A true all-things-to-all-people resort
Kenting offers a great deal more than sandy beaches
and sparkling ocean. Energetic visitors can happily
spend days here without ever getting their feet wet.
National Park--which now covers 20,000 hectares of
land, and almost as much sea--has 15 species of wild
mammals (though you're more likely to see buffalo
than macaques), 59 kinds of reptiles and amphibians,
216 species of butterflies, and more than 300 different
reefs of soft and stony coral attract scuba divers.
Sixty percent of the world's coral species can be
found around Kenting; these reefs nurture 1,500 kinds
of fish. For those visitors who want to enjoy all
this sub-aqua color, diving outfitters abound.
Hengchuen Peninsula has more than a dozen prehistoric
sites, some of which were inhabited by humans 4,000
years ago. More recent cultural attractions include
the 120-year-old lighthouse at Eluanbi, Hengchuen's
South Gate, and the tiny aboriginal communities that
dot the area.
with tourists since the 1970s, Kenting Road--the resort's
main strip--now hosts well over a hundred businesses
run by locals, outsiders, and foreigners. On weekend
evenings it resembles a night market, with food vendors,
souvenir hawkers, and even tattoo artists plying their
Road, quieter and closer to the beach, is home to
two of Kenting's most popular eateries--Warung Didi
and the Cactus Cafe.
you're here for the gastronomy or the nightlife, you
shouldn't restrict yourself to "urban Kenting"
and the nearby beaches.
can be hired at almost any time of day or night. I
arrived just after 5 am, and had the paperwork completed
within 10 minutes.
roads that criss-cross the eastern half of the peninsula
make for dream riding: Smooth tarmac, extremely light
traffic, and pleasing scenery at every turn.
of the places I saw in the hour after dawn, like the
crumbling cliffs near Lungpan, looked very different
when I returned mid-afternoon.
one point further up the coast, I had to stop because
torpid cows blocked the road. Then a man with a two-meter-plus
tuna fish strapped to the back of his motorcycle overtook
me at great speed.
is a well-watered, fecund island. The shifting sand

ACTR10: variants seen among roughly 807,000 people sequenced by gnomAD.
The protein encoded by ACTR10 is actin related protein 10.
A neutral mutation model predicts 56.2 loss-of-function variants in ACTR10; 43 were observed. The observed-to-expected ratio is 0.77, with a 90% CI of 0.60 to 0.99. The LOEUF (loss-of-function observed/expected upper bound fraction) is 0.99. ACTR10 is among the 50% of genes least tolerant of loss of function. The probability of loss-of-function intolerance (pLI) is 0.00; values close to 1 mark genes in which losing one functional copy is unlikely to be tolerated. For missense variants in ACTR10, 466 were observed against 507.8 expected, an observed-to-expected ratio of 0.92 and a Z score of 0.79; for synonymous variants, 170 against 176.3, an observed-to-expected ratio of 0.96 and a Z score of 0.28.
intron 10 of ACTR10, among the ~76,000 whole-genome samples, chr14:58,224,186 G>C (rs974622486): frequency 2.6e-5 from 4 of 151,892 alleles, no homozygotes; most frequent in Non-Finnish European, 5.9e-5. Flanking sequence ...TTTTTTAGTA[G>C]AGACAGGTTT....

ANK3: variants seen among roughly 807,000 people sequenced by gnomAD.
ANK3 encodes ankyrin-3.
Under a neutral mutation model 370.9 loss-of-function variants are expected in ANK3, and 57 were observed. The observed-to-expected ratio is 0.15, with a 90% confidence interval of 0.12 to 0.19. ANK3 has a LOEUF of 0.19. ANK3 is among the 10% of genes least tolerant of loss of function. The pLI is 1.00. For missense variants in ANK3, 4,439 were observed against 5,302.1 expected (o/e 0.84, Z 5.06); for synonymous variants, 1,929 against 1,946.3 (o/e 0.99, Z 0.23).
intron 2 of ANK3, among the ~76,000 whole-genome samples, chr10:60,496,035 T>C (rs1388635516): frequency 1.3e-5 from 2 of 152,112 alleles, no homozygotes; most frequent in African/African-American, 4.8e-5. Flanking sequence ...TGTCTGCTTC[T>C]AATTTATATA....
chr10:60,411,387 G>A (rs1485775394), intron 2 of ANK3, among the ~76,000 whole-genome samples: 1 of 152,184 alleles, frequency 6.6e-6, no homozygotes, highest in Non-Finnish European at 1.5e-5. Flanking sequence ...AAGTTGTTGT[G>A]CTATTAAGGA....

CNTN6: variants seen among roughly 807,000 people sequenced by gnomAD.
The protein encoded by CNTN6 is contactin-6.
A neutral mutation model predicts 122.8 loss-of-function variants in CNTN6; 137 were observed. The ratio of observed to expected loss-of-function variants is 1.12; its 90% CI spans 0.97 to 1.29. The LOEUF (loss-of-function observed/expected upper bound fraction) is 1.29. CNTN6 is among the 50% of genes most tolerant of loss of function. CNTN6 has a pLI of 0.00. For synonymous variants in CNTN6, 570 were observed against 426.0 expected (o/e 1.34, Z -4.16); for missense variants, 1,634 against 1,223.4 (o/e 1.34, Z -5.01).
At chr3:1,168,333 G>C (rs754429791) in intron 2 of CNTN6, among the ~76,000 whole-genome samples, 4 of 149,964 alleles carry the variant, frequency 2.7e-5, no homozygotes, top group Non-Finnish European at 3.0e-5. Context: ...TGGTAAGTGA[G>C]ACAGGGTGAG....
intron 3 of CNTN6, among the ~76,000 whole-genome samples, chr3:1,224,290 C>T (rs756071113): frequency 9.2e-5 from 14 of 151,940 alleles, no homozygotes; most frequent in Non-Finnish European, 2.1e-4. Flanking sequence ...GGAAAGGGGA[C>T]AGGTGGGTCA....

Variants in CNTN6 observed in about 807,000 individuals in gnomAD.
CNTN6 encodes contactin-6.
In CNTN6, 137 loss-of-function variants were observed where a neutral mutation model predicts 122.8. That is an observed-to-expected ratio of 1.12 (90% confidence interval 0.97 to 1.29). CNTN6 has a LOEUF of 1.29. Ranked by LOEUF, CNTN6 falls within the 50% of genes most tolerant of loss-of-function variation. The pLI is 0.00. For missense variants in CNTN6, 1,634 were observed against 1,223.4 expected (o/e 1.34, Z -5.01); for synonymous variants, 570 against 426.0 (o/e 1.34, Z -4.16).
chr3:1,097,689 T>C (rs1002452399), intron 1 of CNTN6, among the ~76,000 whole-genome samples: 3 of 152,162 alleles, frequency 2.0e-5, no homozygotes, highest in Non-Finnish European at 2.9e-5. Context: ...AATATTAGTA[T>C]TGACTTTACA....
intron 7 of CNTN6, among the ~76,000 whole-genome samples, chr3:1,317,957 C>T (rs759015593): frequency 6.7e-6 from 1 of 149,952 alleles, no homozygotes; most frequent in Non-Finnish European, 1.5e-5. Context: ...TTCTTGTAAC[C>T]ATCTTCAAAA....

dunes at Gangtz are therefore especially intriguing,
and it's no surprise that at least two companies offer
Jeep tours of the "desert." A circuit costs
NT$300 or so per person, and takes 25-30 minutes.
was enjoying my foray through the less-visited, thinly
populated eastern half of the peninsula so much that
it seemed a pity to turn around and head into the
uplands visible from the tourist beaches.
hills are largely uplifted coral reefs. It is strange,
hundreds of meters above sea level, to find house-sized
chunks of brownish coral. It's also a vivid illustration
of the power and time-scale of geological processes.
Forest Park is a formal but worthwhile introduction
to the area's plants and trees. Exploring the nearby
roads--many are dead-ends, others are rock-strewn
farm trails, a few are alarmingly steep--can be equally
rewarding. The surrounding open pastureland, and the
cattle grates on the road, make for several this-cannot-be-Taiwan
biking is certainly an option hereabouts, and rock
climbers will find plenty to occupy them. In fact,
the list of non-water activities is almost endless.
There are hot springs elsewhere on the peninsula if
the sea is too cold for you (unlikely in this season),
not to mention the superb National Museum of Marine
Biology and Aquarium.
and around Kenting, you can be sure: You'll run out
of time before you run out of things to do.